There are a few things to unpack in this question, so bear with me as I go through it concept by concept.
one specific product they carry with an INCI of Cetearyl alcohol (and) Ceteareth-20. This wouldn't apply to any other emulsifier unless indicated in the data bulletin that this is the best way to use it. As it is, this method isn't advised for emulsifying wax.
I'm not sure why they're saying this should go into the water phase as we should "Treat it like the other water soluble items in your mixture." Emulsifying wax isn't water soluble - it has a hydrophilic or water loving head and a hydrophobic or water hating tail, which is how it works as an emulsifier. It connects to water at one end, oil at the other, and it creates these lovely micelles that hold the oil in little bubbles floating around in the water. I honestly I have no idea why they would suggest this. I have seen it suggested for some emulsifiers - I just wrote about adding stearamidopropyl dimethylamine to the water phase as it's more water soluble at the higher pH at which it normally exists - but never for emulsifying wax or Polawax.
Now the second part of this - why do we heat and hold the phases separately?
For an emulsification to work, we need three things - heat, mixing, and chemistry in the form of the emulsifier.
We need to use the right all-in-one emulsifier for our product - for instance, we can't use Ritamulse SCG for something with a larger than 25% oil phase - and we need to use the right amount.
We have to heat our ingredients up to the right temperature. For Polawax, it's suggested we heat to 70˚C, while the new conditioner I'm using Varisoft EQ65 wants to be heated to 75˚C. It's all about getting all the ingredients melted properly. Something like stearic acid has a melting point of 69˚C, so we heat our products to above that to ensure it'll be completely liquid.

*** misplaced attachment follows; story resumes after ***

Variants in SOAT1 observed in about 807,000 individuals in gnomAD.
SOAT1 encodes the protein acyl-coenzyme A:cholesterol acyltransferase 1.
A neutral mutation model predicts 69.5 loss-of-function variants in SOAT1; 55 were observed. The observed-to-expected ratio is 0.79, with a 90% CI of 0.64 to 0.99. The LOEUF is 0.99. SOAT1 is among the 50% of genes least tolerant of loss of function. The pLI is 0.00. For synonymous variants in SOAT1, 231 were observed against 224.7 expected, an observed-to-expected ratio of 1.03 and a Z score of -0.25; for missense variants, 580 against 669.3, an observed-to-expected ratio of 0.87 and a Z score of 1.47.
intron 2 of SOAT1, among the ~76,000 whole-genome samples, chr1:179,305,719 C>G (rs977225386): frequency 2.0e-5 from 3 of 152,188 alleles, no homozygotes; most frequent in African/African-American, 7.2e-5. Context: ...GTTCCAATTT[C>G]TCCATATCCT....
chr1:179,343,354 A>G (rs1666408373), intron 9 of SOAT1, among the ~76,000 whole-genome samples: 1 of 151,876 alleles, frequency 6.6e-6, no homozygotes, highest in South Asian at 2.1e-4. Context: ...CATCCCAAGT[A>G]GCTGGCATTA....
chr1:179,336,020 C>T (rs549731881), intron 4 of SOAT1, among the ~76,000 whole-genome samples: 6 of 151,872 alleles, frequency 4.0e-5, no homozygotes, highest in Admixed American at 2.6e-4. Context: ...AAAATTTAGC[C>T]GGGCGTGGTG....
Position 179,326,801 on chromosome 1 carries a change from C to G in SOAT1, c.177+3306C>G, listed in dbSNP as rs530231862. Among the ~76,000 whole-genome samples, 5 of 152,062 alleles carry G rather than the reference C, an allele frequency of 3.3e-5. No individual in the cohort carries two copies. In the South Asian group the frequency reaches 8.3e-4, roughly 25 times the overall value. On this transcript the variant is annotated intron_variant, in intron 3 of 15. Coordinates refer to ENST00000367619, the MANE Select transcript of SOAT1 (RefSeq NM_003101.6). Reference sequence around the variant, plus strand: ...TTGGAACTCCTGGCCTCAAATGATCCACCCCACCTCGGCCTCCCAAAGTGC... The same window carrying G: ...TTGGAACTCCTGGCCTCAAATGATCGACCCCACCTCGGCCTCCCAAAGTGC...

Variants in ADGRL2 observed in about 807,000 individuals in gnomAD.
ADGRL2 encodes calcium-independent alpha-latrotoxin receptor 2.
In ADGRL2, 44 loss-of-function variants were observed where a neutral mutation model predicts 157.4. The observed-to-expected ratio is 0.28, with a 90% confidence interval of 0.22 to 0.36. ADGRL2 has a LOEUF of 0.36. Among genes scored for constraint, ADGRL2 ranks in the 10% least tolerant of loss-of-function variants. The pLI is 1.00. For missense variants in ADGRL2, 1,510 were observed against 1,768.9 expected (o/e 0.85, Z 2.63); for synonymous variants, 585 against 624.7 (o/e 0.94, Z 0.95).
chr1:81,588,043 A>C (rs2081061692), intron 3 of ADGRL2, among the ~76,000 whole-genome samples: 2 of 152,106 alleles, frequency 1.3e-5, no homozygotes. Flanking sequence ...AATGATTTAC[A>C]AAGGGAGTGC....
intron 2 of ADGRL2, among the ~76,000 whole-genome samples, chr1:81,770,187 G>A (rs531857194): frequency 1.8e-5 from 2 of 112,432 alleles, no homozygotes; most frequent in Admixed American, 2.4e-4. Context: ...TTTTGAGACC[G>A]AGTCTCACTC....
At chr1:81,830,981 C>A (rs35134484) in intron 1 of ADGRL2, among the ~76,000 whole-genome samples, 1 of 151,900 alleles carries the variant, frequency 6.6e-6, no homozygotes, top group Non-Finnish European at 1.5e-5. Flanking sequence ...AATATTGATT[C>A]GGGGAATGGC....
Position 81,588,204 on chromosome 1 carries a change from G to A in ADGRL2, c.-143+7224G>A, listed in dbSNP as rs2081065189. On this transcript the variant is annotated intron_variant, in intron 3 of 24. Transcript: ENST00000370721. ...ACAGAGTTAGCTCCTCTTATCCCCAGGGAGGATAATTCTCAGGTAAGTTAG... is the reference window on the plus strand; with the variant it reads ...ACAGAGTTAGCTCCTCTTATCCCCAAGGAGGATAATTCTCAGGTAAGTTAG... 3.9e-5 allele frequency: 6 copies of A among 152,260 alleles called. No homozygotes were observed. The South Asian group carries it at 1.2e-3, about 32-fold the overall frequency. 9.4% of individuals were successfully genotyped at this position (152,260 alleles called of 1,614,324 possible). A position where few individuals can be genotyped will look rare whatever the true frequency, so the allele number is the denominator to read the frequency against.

We heat and hold separately because we're trying to make it easier for the ingredients to come together. The best way I heard it described is like this: Oil and water don't want to mix, and we're forcing them to come together by heating and mixing and using an emulsifier. If we heat and hold all the ingredients together, our emulsifier is trying to create an emulsion at lower temperatures as everything heats up, which means it has to work pretty hard to create an emulsion that's kinda weak and inefficient. You're also asking the other things that we need for a lotion - the mixing and the chemistry - to do more far more work, and this can lead to fails.
You may have to add more emulsifier than necessary or you might have to mix longer to get that lotion to stay together. By keeping them separate and mixing them together when they reach their suggested heating point of - for instance - 70˚C, we're creating the ideal circumstance in which an emulsion can happen, which means awesome lotions!
Why heat? Chemical reactions generally speed up when heated. (Think of how much easier it is to get sugar to melt in a hot cup of tea versus a cup of ice water.)
Chemical reactions also require a certain amount of energy to happen, and in the case of a lotion, the energy is the heat that's applied. Think of something like deep frying chips in a pan. If we heat the oil to 200˚F and add the potatoes, nothing happens. If we heat it to 350˚F, we get lovely crisp chips. I know lotion making isn't like making chips, but the concept is the same: If we wait until the optimal moment to combine our ingredients, we get a better result.
theory of phase inversion, which is all about the getting the temperature to a certain point so the emulsifiers create a water-in-oil lotion first, then cool down to make an oil-in-water lotion, which makes the lotion more stable. (I'll refer you to the post for more information there.)
Related post: Why do we heat and hold separately?
So the short answer is that yes, I have heard of this technique, it's not advised as it can lead to using more emulsifier than you need and unstable lotions. I know some people have had great successes with it, but it's not something I'd recommend when making a lotion in two phases is barely more work than this method.
I have to add one more thing. The author of the linked post states, "Almost each time I hear of someone having trouble with lotions I find they use the phases method for heating and mixing." Again, I'm baffled. I would argue that at least 50% of the lotion fails I hear about are those in which there was no heating and holding.